Saudi Electricity Company’s (SEC’s) invitation for companies to express interest in its first major standalone renewables projects has finally kick-started Saudi Arabia’s long-awaited alternative energy programme. The start of the procurement process for two photovoltaic (PV) solar projects preceded the announcement that the kingdom is targeting for 3.5GW of renewable energy to be online by 2020.

While the 50MW capacity of the country’s first two schemes is small in comparison with the 800MW third phase of Dubai’s solar park and the 350MW PV scheme planned in Abu Dhabi, the projects mark a milestone in the region’s renewable energy ambitions.

Saudi Arabia is in a much different position than when it launched its ill-fated 54GW renewables programme in 2012, under the auspices of the King Abdullah City for Atomic & Renewable Energy (KA-Care). With the price of oil having plummeted from more than $100 a barrel to the current $50, Riyadh has been forced to restructure its economy and establish new models and strategies for developing its infrastructure. Part of this has entailed setting more realistic targets of 9.5GW of renewable energy by 2030, and 3.5GW by 2020.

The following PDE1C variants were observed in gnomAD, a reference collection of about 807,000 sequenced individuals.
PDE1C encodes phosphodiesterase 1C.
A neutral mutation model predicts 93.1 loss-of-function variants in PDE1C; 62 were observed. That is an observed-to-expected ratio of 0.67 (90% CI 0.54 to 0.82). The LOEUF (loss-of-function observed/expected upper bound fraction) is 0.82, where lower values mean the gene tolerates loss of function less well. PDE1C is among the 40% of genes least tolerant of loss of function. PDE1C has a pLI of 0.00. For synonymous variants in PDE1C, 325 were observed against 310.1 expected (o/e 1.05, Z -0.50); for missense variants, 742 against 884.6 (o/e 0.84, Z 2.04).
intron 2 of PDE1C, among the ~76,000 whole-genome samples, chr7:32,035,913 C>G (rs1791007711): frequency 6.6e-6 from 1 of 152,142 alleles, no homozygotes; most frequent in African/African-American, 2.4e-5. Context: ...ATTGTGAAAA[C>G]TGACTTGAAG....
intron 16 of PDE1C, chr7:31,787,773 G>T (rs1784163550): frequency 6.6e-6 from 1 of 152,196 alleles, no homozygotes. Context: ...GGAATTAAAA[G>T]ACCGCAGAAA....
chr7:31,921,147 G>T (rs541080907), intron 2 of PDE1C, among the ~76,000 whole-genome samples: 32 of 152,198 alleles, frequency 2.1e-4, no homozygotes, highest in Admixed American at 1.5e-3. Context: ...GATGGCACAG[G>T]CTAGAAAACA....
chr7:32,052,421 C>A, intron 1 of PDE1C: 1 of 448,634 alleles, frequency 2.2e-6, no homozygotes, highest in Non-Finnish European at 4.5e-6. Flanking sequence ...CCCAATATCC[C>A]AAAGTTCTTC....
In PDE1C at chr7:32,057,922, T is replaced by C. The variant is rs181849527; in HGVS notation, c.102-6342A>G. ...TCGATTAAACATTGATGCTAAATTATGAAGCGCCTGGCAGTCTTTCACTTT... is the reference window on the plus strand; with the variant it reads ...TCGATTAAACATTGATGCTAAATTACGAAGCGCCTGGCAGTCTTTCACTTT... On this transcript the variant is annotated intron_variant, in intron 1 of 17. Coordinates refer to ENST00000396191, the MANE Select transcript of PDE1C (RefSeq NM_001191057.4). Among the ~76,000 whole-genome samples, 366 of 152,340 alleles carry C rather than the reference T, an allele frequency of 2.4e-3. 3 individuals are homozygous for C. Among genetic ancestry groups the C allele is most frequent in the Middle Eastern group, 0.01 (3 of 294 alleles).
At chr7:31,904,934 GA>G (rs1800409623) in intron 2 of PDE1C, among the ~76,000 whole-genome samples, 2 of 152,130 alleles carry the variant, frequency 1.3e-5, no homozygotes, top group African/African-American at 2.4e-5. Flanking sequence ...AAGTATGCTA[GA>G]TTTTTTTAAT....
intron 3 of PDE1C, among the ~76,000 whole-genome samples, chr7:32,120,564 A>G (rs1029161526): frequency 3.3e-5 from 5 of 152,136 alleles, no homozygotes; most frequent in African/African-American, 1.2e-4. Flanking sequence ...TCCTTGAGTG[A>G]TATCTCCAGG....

While the targets have been significantly reduced, if delivered they will still offer the most lucrative opportunities in the region’s renewable energy sector up to 2030. Saudi Arabia has long been seen as the key part of a sustainable supply chain for renewable energy in the Middle East, and developers, technology providers and contractors will be hopeful its first schemes are tendered and executed as swiftly as possible.